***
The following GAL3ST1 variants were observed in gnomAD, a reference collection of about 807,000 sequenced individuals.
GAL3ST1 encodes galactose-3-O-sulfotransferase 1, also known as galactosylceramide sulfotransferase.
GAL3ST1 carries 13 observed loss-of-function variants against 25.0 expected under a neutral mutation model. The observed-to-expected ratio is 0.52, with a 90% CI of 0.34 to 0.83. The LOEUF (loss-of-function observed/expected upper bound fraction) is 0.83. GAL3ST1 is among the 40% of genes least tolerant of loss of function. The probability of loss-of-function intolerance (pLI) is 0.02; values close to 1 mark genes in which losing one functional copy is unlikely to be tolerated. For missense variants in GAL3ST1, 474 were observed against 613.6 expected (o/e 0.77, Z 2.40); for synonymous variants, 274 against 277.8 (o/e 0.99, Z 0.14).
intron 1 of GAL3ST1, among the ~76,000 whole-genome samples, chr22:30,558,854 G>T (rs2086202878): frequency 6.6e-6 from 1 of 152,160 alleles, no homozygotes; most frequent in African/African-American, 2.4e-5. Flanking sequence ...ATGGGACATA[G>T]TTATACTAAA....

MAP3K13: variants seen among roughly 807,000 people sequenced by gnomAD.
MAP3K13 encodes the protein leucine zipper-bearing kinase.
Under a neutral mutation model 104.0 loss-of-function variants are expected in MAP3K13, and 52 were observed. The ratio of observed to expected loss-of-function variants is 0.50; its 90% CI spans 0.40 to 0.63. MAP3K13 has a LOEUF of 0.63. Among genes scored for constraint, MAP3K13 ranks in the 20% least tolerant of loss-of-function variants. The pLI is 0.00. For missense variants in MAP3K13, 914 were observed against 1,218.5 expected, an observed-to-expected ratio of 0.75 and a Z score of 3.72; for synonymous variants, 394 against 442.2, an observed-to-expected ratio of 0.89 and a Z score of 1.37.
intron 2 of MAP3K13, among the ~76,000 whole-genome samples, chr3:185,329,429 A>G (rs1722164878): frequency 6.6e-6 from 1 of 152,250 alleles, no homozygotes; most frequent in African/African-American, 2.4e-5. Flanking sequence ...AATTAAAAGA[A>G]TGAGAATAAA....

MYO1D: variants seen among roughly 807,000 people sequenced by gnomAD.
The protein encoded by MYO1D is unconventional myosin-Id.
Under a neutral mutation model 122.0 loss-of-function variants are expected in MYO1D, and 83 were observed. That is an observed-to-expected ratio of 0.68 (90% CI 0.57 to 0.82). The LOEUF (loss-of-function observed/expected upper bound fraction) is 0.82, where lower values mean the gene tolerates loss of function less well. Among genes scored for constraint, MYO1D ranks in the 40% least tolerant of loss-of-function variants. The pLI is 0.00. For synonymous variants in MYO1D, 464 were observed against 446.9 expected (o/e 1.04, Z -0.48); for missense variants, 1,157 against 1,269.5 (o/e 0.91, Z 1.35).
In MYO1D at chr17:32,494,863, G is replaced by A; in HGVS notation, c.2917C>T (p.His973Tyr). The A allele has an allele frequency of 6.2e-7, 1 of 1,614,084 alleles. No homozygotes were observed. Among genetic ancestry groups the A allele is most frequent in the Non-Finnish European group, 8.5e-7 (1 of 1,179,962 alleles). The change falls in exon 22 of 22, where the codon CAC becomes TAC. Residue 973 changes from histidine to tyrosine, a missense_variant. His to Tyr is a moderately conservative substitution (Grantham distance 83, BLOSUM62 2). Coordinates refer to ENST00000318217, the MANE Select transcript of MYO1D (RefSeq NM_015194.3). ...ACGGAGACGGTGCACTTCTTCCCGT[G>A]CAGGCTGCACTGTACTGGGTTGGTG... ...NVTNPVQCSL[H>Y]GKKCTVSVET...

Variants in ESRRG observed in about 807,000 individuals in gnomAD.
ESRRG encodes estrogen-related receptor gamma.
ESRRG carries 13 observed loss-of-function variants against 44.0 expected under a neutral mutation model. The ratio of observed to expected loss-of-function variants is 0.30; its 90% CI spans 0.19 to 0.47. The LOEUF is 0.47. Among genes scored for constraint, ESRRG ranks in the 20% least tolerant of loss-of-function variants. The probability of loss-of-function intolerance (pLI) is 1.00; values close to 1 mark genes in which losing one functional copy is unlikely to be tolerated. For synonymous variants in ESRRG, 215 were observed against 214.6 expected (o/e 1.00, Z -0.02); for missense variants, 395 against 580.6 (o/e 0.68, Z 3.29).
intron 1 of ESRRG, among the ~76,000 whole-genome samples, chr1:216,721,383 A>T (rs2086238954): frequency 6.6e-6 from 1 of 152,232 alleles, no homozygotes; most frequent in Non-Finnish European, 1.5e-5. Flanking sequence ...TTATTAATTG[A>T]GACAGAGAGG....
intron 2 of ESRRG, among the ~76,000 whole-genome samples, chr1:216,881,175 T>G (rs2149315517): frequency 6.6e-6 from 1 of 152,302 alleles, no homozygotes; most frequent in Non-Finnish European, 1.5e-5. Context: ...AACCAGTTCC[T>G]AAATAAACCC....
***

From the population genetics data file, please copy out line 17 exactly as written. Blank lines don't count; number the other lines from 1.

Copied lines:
intron 2 of ESRRG, among the ~76,000 whole-genome samples, chr1:216,881,175 T>G (rs2149315517): frequency 6.6e-6 from 1 of 152,302 alleles, no homozygotes; most frequent in Non-Finnish European, 1.5e-5. Context: ...AACCAGTTCC[T>G]AAATAAACCC....